As statues of Confederate soldiers cause offence and remind African Americans of a past of slavery and oppression, much in the same manner, the name of the city of Moncton reminds the Acadians and Mi’kmaq nations of the racist British colonial at cultural genocide. In consideration of all the negativity and the symbol of genocide the name ‘Moncton’ invokes, it should undoubtedly be changed. But then, what should the new name of the city of ‘Moncton’ be?

The head of the Bay of Fundy was first settled by Acadians in the 1670s, and the first reference to the Petitcodiac River appears on the de Meulles Map of 1686—the name comes rom the Mi’kmaq word meaning “bends like a bow”. In as early as 1700, the Chipodie Acadian settlement was established at the mouth of the Petitcodiac River and, gradually, it would over time extend up the Petitcodiac and Memramcook River valleys until finally reaching the site of present-day Moncton in 1733—there the first Acadian settlers established a marshland farming community and named it Le Coude (“The Elbow”). After Col. Robert Monckton captured nearby Fort Beauséjour in 1755, with the Petitcodiac River valley under British control, the Acadian population of the region would be deported by order of Governor Charles Lawrence. However, thankfully, some of the inhabitants of the Petitcodiac and Memramcook valleys were able to escape and, under the leadership of the legendary Joseph “Beausoleil” Broussard, formed a part of an organized Mi’kmaq and Acadian militia against the British foe—until Broussard himself would end up being deported, and would finally be among the first Acadian families to settle in Louisiana. With the expulsion of the Acadians, the settlement of Le Coude remained empty until June 1766, when eight immigrant Pennsylvania "Deutsch" families arrived from Pennsylvania with a land grant and a charter from the Philadelphia Land Company to establish the Monckton Township on the site of the previous Acadian settlement; their new settlement would be called The Bend of the Petitcodiac, or simply The Bend.

So then, in erasing the name ‘Moncton’ from the map, what should the city’s new name be—Le Coude, The Bend? Or perhaps more appropriately, maybe you think the time has finally come to give the city its original name back—the same name of the river that flows through it, PetitcodiacOr would you rather keep Moncton in spite of all the negativity it represents? Please indicate your choice below and, if enough people care, your choice shall be included in a "Remove Moncton" campaign that shall be submitted to the province of New Brunswick (as part of the Toponymy - Place Name - Organizational Request program).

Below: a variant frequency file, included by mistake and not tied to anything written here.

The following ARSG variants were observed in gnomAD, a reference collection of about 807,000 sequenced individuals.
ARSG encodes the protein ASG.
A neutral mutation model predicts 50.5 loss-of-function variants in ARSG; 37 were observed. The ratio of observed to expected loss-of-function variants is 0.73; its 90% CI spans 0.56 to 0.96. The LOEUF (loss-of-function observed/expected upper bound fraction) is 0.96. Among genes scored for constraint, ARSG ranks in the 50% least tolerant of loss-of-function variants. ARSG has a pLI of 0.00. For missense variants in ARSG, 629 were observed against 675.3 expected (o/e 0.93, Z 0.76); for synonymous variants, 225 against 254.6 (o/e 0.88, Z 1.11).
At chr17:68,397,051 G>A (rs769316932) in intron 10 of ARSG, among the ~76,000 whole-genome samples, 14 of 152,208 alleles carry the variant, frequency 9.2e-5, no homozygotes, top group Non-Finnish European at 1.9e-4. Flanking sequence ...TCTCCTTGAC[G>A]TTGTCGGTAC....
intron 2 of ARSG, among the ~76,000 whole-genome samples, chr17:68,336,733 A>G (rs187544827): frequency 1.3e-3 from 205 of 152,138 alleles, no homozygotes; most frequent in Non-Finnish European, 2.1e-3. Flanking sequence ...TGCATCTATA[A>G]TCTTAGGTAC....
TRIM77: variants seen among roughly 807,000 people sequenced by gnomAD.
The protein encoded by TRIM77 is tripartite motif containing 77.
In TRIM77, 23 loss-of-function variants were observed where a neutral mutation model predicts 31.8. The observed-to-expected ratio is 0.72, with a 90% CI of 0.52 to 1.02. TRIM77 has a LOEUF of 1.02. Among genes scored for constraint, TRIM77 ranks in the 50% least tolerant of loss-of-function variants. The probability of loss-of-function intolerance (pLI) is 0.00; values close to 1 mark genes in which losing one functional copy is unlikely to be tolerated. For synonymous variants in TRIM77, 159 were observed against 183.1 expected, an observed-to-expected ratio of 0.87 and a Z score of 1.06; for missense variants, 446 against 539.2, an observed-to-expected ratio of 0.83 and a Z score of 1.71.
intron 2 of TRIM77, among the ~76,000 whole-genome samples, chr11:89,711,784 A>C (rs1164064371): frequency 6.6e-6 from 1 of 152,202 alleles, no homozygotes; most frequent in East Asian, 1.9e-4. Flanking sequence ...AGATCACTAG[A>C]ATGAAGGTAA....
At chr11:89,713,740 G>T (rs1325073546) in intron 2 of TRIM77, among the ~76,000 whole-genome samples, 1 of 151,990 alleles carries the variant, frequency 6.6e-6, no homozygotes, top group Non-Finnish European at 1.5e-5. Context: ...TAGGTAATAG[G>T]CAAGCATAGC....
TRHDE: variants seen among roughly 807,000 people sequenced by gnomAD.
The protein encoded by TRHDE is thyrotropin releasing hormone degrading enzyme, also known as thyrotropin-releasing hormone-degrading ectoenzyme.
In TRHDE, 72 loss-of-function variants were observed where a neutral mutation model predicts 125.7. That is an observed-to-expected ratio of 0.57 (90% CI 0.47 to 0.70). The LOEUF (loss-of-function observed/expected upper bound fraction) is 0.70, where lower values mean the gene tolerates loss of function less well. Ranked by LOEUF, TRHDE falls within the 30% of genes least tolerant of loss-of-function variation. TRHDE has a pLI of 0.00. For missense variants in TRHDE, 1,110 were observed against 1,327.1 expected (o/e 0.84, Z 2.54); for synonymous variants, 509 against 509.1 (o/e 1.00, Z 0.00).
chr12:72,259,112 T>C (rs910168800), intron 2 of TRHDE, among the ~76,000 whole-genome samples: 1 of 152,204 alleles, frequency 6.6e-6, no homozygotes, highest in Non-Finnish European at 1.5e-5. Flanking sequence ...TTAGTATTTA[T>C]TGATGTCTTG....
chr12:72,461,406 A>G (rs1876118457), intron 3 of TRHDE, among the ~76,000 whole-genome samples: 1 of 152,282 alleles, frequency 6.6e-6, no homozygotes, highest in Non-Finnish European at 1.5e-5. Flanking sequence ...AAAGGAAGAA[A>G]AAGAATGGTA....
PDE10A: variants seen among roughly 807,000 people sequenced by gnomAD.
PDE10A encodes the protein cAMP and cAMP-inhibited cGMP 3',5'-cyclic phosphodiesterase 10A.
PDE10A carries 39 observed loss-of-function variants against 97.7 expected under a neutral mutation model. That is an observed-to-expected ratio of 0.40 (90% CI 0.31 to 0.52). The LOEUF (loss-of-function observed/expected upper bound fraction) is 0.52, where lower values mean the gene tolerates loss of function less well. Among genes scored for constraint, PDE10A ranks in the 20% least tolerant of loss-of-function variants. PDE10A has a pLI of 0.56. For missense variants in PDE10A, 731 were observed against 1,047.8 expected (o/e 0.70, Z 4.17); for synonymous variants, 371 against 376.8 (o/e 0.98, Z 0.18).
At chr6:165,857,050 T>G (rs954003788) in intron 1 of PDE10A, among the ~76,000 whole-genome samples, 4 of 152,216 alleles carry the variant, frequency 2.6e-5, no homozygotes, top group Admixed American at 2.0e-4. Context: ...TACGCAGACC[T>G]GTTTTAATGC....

Paul D. LeBlanc

#effacemoncton #removemoncton


(1) WHITE, Stephen. “The True Number of Acadians.” In Rene Gilles-LeBlanc, ed. Du Grand dérangement à la Déportation : nouvelles perspectives historiques, Moncton: Chaire d'études acadiennes, Université de Moncton, 2005: pp. 21-56.
(2) Census information available at
(3) Census information available at
(4) FARAGHER, John Mack. “A Great and Noble Scheme”: Thoughts on the Expulsion of the Acadians. Acadiensis, [S.l.], p. 82, oct. 2006. ISSN 1712-7432. Available at: <>. Date accessed: 01 sep. 2017.


Post a Comment

Popular posts from this blog

Acadian Prehistory: From Medieval Religion, the Angevin Empire... and leaving Poitou behind

William S. Burroughs and Cut-Up Writing

I think William S. Burroughs was on to something. Aside from Jack Kerouac, Burroughs was another one of the influential authors of the Beat Generation that in the 1950s and 60s found popularity - if not notoriety in Burroughs' case - in his experimental writing styles. Burroughs was introduced to the cut-up technique of writing, which basically means he would quite literally "cut-up" a strand of linear text into segmented pieces with one or a couple of words a piece, and then simply reorder them in whatever fashion he saw fit.

Burroughs experimented with the cut-up technique at great length and it suited him fine, for he found that by doing so he could somehow alter reality - or even foretell future events. The Nova Trilogy, published in the early 1960s were a series of three experimental novels published by Burroughs in which he made use of the cut-up. The Soft Machine was the first book in the trilogy - published two years after his groundbreaking Naked Lunch- , and it…

The Divine Serpentine: A Cross-Cultural Survey of the Hindu Nāga Worship & the Judaeo-Christian Interpretation of Moses’ “Copper Snake”, the Nehushtan